Along with the dino exhibit I would suggest checking out the museum's collection of Egyptian artifacts which include mummies of both people and animals, an Egyptian boat, and Sarcophagus.
The Hall of Gems is another must for any jewelery lover. The gems are beautiful and this is when its okay to be distracted by something sparkly and shiny!
Museum hours are from 9am-5pm everyday (except Christmas).
Admission varies. There are different rates for children, seniors, and students.
An admission table is available on the Museum's website.
This place is just stunning! As we have a tight sked on our visit to Chicago, this was the second place we visited after going to Millenium Park. As we adore museums showing natural history, this structure is one of our fave buildings!
The exhibits and collections of artifacts, articles and more examples showcasing nature during the various periods in time are truly impressive!We would recommend this to anyone interested in natural history and culture!
There are permanent exhibits like"The Ancient Americas" where you discover what Field Museum scientists and others have learned about the Americans who lived here before us, and how it’s changing nearly everything we thought we knew!
There are sections on:
Nature | Animal, Plants, Ecosystems | Rocks and Fossils | Culture | Africa | The Americas | Asia and the Pacific | Global Themes | Sue | Evolving Planet |Crown Family PlayLab
Of course they also have visiting exhibits so make sure you check their website regularly if you are anywhere in Chicago!
A visit to Chicago's Field Museum should be in everybody's list I reckon!
The place also has a good souvenir shop and we have to control ourselves from getting stuff to take home as we still have yet to go to Canada in a few days!
The Field Museum is probably THE museum to visit in Chicago. When I was young I visited the field museum and all I remember was that it had EVERYTHING. As an adult, it was all new. In addition to being the Home Museum for Sue the T-Rex, the Field had a very impressive exhibit on American Indian Culture (North, Central, AND South American) and an expansive Egyptian exhibit complete with Mummies. Luckily the museum is very large and can accomodate big crowds better than many museums of Natural History that are smaller.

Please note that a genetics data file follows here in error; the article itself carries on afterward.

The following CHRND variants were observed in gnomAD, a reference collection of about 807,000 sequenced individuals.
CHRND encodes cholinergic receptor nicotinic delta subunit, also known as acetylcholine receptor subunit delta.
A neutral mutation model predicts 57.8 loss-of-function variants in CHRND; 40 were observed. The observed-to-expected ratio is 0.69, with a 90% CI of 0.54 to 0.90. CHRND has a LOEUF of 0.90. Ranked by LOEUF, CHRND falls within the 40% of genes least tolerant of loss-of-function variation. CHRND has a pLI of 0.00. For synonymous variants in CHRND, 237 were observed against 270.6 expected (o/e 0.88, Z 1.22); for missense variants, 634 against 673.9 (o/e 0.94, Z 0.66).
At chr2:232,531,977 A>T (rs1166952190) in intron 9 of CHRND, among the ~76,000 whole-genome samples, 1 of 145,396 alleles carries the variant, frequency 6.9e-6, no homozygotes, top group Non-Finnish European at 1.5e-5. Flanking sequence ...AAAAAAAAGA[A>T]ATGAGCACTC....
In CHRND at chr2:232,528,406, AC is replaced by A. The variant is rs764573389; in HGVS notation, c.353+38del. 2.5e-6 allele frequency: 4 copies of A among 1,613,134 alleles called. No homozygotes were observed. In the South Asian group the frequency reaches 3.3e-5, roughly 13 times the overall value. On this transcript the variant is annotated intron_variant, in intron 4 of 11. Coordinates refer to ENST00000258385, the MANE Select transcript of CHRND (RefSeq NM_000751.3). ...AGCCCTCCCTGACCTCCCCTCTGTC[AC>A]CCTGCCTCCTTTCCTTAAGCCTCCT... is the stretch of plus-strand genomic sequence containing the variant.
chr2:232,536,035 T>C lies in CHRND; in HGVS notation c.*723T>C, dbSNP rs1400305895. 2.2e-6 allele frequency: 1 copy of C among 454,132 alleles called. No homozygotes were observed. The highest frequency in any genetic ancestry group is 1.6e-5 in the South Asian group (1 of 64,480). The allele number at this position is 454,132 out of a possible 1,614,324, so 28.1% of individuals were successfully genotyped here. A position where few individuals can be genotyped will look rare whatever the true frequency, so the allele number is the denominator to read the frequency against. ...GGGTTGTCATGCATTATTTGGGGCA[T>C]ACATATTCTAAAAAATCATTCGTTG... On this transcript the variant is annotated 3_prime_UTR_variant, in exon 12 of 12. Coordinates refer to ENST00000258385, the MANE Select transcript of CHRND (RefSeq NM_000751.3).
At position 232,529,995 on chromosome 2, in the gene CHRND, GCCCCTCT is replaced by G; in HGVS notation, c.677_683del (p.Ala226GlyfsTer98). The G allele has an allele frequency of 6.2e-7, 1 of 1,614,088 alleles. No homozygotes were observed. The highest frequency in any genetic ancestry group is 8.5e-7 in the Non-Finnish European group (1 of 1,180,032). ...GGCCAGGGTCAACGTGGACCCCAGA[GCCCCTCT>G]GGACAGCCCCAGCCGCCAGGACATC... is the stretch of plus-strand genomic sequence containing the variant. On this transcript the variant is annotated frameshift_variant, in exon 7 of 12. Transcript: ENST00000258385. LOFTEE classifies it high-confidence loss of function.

You can expect large crowds because of it's popularity but the Field Museum is not to be missed. Check into a combo ticket if you are planning on visiting several museums over the course of your stay and you'll save some green.
The Field Museum was incorporated with the purpose of "accumulation and dissemination of knowledge, and the preservation and exhibition of objects illustrating art, archaeology, science and history."
That's a broad subject for a museum, and indeed it has a collection of LOTS of things.
The name was taken to honor the Museum's first major benefactor, Marshall Field, and to better reflect its focus on the natural sciences.
In 1921 the Museum moved from its original location in Jackson Park to its present site on Chicago Park District property near downtown where it is part of a lakefront Museum Campus that includes the John G. Shedd Aquarium and the Adler Planetarium.
Daily 9 a.m. - 5 p.m.
Last admission at 4 p.m.
The Field Museum is located on a lake front property better known as the Museum Campus. Adjacent to the Field Museum are the John G. Shedd Aquarium and the Adler Planetarium. These three institutions are regarded as among the finest of their kind in the world and together attract more visits annually than any comparable site in Chicago. Another interesting thing to know is the fact that it houses the world's largest, most complete, best preserved and most famous Tyrannosaurus rex.
The Field Museum was founded to house biological and anthropological collections These objects form the core of the Museum's collections which have grown through world-wide expeditions, exchange, purchase, and more than twenty million specimens. The collections form the foundation of the Museum's exhibition, research and education programs, which are further informed by a world-class natural history library of more than 250,000 volumes.